The Hmong New Year is a time to reflect on the past year as well as a time to look forward to the upcoming months.
We sweep away the bad of the old year lest it stifle a fresh, hopeful start to the new year. As we reflect, we have reason to despair, but more importantly we have reason to hope.
Summerset Village Apartments and the people who live there remain fresh on our minds. As members of the Hmong community and as Fresnans, Sher Moua and I want to make sure that what happened to these families should never happen to anyone – no matter where they live in Fresno.
At the same time, we are heartened by the response of the people of Fresno and organizations like Fresno Interdenominational Refugee Ministries and the Red Cross to the crisis there created by natural gas pipeline leaks. But there’s work yet to be done so that all residents can live in safe, clean homes.
Nu Vang: Summerset was my home
I grew up at Summerset Village Apartments. I laughed there; I cried there. I lived there. It was my home.
I was the child of Hmong refugees who found themselves in the new world of America, not knowing a word of English, and my family found a sense of belonging there where many Hmong families came to live.
What happened at Summerset was shocking but not surprising to me. I lived in the apartments for more than 10 years. I remember the cockroaches crawling on the walls during the day and hearing the rats late at night, but that was the normal way of life. I didn’t think to question the status quo because everyone’s home had the same problems.
But the situation took a deadly turn in 1997, when, as a little girl, I woke up late one night to the sounds and sights of fire and fear. An apartment was engulfed in flames, and there were people inside. Bounchanh Kouantaamath, 47, and his son, Richard, 2, died in that fire. Rin Hiev Meas, Kouantaamath’s wife and Richard’s mother, escaped the blaze with the couple’s four other children.
The Fresno Bee reported that a Fresno fire captain said there was only one smoke detector in that six-apartment unit of the complex, and it was not in the apartment where the fire started. Said the captain: “Usually, when you go in to put the fire out, the smoke detectors are bugging the heck out of you. It was quiet in here.”
Many people wonder why the current tenants live in what some have called “Third World conditions” when they can choose to live in other areas of the city. But it’s not that simple. Living at the apartments is not just about housing; it’s about being close to your community and being connected to others who share your same experiences of resettlement and know how hard it is to assimilate to the American way of life.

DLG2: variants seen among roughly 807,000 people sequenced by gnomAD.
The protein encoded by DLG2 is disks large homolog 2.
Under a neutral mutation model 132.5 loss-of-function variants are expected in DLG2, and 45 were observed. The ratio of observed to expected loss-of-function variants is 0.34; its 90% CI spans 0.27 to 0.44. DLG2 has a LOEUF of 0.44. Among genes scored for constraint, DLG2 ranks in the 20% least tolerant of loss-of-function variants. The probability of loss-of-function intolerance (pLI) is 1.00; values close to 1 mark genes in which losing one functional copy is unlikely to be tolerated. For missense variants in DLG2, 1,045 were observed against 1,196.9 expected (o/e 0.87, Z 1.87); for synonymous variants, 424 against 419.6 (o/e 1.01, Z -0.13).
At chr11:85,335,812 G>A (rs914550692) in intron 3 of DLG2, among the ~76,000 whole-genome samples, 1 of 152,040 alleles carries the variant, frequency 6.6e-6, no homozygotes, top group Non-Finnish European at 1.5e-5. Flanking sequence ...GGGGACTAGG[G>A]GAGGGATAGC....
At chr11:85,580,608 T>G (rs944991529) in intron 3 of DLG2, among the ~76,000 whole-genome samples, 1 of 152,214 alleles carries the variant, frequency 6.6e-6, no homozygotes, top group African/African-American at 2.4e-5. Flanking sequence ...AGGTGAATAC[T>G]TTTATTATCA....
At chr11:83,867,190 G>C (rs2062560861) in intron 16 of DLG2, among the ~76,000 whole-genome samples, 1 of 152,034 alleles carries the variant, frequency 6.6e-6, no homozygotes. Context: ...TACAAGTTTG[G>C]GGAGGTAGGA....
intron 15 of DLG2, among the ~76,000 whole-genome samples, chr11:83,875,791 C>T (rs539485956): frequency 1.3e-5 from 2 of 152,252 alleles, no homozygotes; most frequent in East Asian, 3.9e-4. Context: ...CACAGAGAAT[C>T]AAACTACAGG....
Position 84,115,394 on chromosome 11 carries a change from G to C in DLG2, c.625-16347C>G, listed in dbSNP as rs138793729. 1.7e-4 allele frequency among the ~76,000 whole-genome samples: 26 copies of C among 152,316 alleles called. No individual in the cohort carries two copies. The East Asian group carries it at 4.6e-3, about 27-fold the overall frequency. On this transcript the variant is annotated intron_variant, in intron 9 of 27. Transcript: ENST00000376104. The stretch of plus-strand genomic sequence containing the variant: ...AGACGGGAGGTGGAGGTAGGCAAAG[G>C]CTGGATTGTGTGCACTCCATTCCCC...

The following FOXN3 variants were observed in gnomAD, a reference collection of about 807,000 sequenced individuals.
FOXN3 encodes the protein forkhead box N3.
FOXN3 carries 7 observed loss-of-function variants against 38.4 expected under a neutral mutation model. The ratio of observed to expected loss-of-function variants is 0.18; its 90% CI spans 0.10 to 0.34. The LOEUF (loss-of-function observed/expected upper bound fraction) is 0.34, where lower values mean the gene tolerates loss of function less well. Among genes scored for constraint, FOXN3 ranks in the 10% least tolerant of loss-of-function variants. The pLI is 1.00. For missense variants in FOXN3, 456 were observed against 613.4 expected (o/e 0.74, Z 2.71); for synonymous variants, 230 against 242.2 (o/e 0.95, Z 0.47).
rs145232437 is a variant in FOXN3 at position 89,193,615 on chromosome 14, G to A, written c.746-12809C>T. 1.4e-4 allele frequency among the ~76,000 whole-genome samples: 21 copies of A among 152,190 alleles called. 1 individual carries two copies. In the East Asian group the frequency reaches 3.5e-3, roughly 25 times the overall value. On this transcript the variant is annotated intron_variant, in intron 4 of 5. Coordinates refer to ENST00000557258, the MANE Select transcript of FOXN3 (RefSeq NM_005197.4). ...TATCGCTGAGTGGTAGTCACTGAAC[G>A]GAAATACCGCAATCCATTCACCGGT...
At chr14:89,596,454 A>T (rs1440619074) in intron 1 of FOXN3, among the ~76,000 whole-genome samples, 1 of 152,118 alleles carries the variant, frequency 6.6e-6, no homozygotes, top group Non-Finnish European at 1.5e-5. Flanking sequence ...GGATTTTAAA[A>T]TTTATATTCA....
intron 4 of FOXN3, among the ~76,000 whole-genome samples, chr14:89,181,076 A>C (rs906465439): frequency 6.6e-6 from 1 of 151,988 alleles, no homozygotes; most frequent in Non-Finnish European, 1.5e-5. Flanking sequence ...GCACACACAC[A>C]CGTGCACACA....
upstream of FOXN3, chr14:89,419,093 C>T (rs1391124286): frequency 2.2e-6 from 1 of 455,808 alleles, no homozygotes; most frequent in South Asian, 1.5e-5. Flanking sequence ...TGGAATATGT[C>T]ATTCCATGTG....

At the heart of this issue is that people have the right to live wherever they choose to live in Fresno, and that we all deserve to live in a safe home and a healthy city.
Growing up in those conditions was normal for me, but it shouldn’t be normal for anyone. The city of Fresno needs to make sure there are no more Summersets.
So when the residents of Summerset speak, city leaders need to respect their voices, to listen. According to a Fresno Bee editorial, since 1992 there have been at least three major fires at Summerset. Fires that take lives and displace families and children speak louder than any words.
Sher Moua: Canvassing the residents
Like Nu, I have a direct connection to Summerset. While canvassing there to learn about issues in our community, I was invited into many homes. On more than one occasion, we have broken bread together.
In these living rooms, they have shared their hopes and concerns with me. Having safe, clean homes and crosswalks and signals on the adjacent street (where their children could cross safely) were among their top issues.
Yet, beyond the manager and me, they were either afraid or didn’t know where to voice these concerns. Some even asked me not to share these concerns with the manager for fear of retaliation. But there were others who asked me to speak out because they saw me as someone who is educated and who understands English.
There are no two young people who love our culture and our community more than we do. We serve our community. We love and respect our elders. It is because we love and respect our elders that we must speak on their behalf and continue to work with organizations like Fresno Building Healthy Communities, Fresno Interdenominational Refugee Ministries and Fresno Center for New Americans to help create one healthy Fresno.
Nu Vang and Sher Moua are residents of Fresno.